Sony has warned the Japanese government it may have to shift manufacturing out of the country unless rules on renewable energy are relaxed.
Kenichiro Yoshida, Sony’s chief executive officer told Taro Kono, Japan’s minister for administrative reform, that purchasing renewable energy in Japan is difficult. His comments were echoed by the chief executives of electronics firm Ricoh, cosmetics business Kao and fund manager Nissay Asset Management at a meeting with Kono.
Kono acknowledged that Japan was “lagging behind” other countries in the use of renewable energy. He announced last week the establishment of a government task force to examine regulations that are hampering the expansion of green energy.
Japan’s existing renewables plan calls for the use of renewables to increase from 17 per cent of electricity in the 2018 fiscal year to as much as 24 per cent by 2030, but that would still be below the 30 per cent already achieved by many European countries.
The focus on renewables comes in the wake of Prime Minister Yoshihide Suga’s recent pledge to make Japan carbon neutral by 2050. But the government has yet to outline specific steps to reduce the country’s reliance on fossil fuels, which increased sharply after the Fukushima nuclear disaster in 2011.
As suppliers try to meet the green energy demands of customers such as Apple, firms are installing solar panels and buying power from offshore wind farms in line with Apple’s target of having all of its products be carbon-neutral by 2030. In turn, this puts pressure on governments to accelerate green energy plans.
“What Apple and other companies are trying to do is contribute to meeting Paris climate targets by decarbonizing their own footprints and making it a precondition for their partners and suppliers to use renewable energy,” said Prakash Sharma, director for the energy transition practice at consultancy Wood Mackenzie Ltd. “It’s gaining momentum because more and more companies are moving in that direction.”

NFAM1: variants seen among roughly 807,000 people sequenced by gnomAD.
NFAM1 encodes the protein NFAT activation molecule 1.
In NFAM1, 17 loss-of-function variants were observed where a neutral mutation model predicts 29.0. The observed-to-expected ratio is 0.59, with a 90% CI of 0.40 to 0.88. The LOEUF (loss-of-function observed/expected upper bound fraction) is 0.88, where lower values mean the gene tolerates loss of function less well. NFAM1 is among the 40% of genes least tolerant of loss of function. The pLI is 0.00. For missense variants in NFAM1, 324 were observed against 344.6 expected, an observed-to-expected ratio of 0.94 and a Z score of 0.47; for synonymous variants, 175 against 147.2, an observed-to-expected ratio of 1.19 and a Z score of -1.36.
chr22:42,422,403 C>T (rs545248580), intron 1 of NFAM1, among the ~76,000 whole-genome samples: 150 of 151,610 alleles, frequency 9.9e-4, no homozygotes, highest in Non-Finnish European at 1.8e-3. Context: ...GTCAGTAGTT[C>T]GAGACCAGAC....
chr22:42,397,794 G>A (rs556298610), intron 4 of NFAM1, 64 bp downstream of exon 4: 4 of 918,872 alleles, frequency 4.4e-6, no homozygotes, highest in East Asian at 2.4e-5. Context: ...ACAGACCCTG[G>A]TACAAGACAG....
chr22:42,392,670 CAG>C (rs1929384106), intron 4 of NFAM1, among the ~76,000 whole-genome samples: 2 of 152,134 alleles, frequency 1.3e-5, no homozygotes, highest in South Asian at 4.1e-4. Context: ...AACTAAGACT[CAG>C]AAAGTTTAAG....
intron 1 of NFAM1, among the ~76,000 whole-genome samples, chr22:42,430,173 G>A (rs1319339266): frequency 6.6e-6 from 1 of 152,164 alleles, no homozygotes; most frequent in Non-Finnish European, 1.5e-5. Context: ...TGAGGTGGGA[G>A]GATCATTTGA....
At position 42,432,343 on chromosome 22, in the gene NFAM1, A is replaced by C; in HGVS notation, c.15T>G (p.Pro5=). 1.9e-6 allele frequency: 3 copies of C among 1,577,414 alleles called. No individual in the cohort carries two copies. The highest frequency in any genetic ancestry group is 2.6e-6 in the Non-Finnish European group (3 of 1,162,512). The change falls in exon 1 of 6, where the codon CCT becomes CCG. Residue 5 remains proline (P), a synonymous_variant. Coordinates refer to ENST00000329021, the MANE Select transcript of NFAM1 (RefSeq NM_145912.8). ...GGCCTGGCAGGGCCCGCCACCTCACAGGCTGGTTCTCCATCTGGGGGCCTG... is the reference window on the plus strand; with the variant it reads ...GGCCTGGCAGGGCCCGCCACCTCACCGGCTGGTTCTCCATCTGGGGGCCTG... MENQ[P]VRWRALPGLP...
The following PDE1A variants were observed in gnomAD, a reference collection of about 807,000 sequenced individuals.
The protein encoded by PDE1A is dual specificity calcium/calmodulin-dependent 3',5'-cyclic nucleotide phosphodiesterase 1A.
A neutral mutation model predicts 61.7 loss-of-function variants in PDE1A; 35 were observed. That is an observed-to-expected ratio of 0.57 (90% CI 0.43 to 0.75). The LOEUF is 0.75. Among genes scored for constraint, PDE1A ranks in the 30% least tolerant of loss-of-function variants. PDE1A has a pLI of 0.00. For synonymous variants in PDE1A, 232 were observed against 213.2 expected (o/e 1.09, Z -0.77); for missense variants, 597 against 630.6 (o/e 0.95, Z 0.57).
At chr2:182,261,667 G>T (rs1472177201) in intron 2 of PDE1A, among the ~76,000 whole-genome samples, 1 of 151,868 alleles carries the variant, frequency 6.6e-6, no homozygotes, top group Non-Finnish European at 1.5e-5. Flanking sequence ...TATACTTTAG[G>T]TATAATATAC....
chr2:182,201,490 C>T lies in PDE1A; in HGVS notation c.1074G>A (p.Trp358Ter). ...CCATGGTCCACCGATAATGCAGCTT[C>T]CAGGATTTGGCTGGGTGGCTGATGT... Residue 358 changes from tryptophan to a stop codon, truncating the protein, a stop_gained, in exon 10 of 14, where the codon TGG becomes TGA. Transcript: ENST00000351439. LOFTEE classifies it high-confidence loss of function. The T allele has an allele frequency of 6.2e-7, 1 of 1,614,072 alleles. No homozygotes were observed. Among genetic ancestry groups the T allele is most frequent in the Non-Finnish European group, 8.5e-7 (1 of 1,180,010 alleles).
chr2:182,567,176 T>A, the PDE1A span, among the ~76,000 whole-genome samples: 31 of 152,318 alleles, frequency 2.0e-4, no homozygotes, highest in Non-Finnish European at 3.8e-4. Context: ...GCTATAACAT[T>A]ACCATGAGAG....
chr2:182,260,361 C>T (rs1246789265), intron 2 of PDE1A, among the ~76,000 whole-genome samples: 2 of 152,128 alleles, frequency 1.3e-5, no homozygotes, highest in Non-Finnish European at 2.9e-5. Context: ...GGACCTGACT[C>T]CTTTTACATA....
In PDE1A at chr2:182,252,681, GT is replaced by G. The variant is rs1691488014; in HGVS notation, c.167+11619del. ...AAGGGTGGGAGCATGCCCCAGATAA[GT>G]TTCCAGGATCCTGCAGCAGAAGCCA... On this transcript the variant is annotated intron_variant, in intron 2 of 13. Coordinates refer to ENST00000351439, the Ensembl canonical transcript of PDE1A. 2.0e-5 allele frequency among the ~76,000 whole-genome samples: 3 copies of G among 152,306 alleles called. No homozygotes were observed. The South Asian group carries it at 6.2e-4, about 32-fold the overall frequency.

Sony has its own goal of making all of its facilities run on green energy by 2040. Sony’s European sites already run entirely on renewables, while its facilities in China are set to make that transition by the end of March 2021 and by 2030 for those in North America.
However, its factories in Japan face the biggest challenge. To compound matters, that is where Sony fabricates its industry-leading CMOS image sensors, which are used in Apple’s iPhones, among others. In value terms, Sony captured a 53.5 percent share of the global market for imaging sensors in 2019.
Producing the camera sensors requires intensive and highly stable electricity sources, making a full switch to renewables even more tricky. But shifting manufacturing abroad is also difficult due to concerns over the transfer of one of Sony’s most valued and competitive technologies.